In response to new federal rules affecting institutions that deliver programs via distance learning, the EAB is providing the following information to help institutions understand Wisconsin's regulatory requirements. Although new federal rules specify that institutions must have state authorization to offer programs via distance learning when it is required by the state, such approval has always been required in Wisconsin.
Generally, institutions must be approved if they enroll "Wisconsin students" in online programs. Unlike most other states, institutions do not need to have physical presence in Wisconsin to trigger the need for approval by the Educational Approval Board (EAB), the cognizant regulatory agency in the state.
Under s.38.50 (2), Wis. Stats., "[t]he board shall protect the general public by inspecting and approving private trade, correspondence, business, and technical schools doing business within this state, whether located within or outside this state,...and courses of instruction offered by the schools and regulate the soliciting of students for correspondence or classroom courses and courses of instruction offered by the schools." Therefore, institutions with online programs must obtain EAB approval if they enroll students from the state of Wisconsin.
Wisconsin statutes provide a general exemption from EAB oversight for publically-governed and religious institutions. While the statutes also provide an exemption for certain private non-profit, in-state institutions, no out-of-state, private non-profit institutions are exempt from EAB oversight.
Under s.38.50 (1)(e) 2., Wis. Stats., "[s]chools that are supported mainly by taxes" are exempt from EAB oversight. Because the exemption is not restricted to public institutions governed by the state of Wisconsin, the EAB has consistently interpreted it to mean any public college or university that is an instrumentality of a state is exempt.
Should public institutions offer online programs in a regulated profession, such as nursing, counseling, social work or teacher training, the EAB strongly advises institutions to contact the respective oversight bodies (e.g., the Department of Safety and Professional Services or the Department of Public Instruction) about requirements specific to those programs to ensure they conform to the state of Wisconsin's licensure requirements.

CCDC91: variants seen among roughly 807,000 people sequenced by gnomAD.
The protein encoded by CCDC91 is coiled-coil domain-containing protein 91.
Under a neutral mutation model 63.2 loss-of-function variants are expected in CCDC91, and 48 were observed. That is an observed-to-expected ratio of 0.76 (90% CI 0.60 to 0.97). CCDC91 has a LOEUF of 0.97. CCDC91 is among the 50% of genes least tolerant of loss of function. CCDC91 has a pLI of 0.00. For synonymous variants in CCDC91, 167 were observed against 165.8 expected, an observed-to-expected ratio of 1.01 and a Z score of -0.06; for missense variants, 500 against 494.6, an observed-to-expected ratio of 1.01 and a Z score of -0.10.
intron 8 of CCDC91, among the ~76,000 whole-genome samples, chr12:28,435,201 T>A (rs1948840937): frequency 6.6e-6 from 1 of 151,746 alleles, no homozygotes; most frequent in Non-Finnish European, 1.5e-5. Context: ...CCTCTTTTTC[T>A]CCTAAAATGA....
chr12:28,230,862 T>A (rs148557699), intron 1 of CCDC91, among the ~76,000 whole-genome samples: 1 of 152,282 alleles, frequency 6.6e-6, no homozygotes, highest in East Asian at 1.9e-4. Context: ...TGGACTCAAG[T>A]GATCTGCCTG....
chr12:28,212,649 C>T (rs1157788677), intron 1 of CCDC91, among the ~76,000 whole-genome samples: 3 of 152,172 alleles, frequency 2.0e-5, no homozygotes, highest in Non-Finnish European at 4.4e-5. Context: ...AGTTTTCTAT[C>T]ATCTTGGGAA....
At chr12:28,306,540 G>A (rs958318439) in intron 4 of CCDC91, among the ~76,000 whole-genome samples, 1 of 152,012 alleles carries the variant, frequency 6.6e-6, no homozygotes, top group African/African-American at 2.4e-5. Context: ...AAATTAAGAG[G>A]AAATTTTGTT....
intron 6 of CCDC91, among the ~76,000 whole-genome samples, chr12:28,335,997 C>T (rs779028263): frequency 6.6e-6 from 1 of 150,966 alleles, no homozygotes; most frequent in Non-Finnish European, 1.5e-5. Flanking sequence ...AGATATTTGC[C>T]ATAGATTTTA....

Under s.38.50(1)(e)3., Wis. Stats., the EAB does not regulate "schools of a parochial or denominational character offering programs having a sectarian objective." For example, a college offering programs leading to a degree in divinity, theology or pastoral counseling would not need EAB approval. However, if an institution offers degree programs such as music, business, or teaching, which are not limited to use in the ministry, then the institution must be EAB-approved.
In Chapter 11 of its Administrative Code, the EAB acknowledges that distance learning presents a materially new context for Wisconsin to protect consumers. Because the oversight of online programs differs from those offered on-ground, EAB 11 makes several "accommodations" for distance learning providers in its approval process and fees. For example, if a school has approval from another state whose requirements are substantially equivalent to those of the EAB, then the board may accept that state's approval as fulfilling all or parts of the approval process.
Information and materials regarding EAB approval, including the School and Program Approval Guide, are available here. Additionally, the EAB's statutory and administrative code provisions, including the specific distance learning requirements found in EAB 11, are available here .
If you believe your institution needs approval based on the preceding information because it currently enrolls (or plans to enroll) Wisconsin residents in an online program, please contact the EAB and ask to speak with a school administration consultant to discuss the approval process, as well as the specific distance learning requirements and accommodations contained in EAB 11.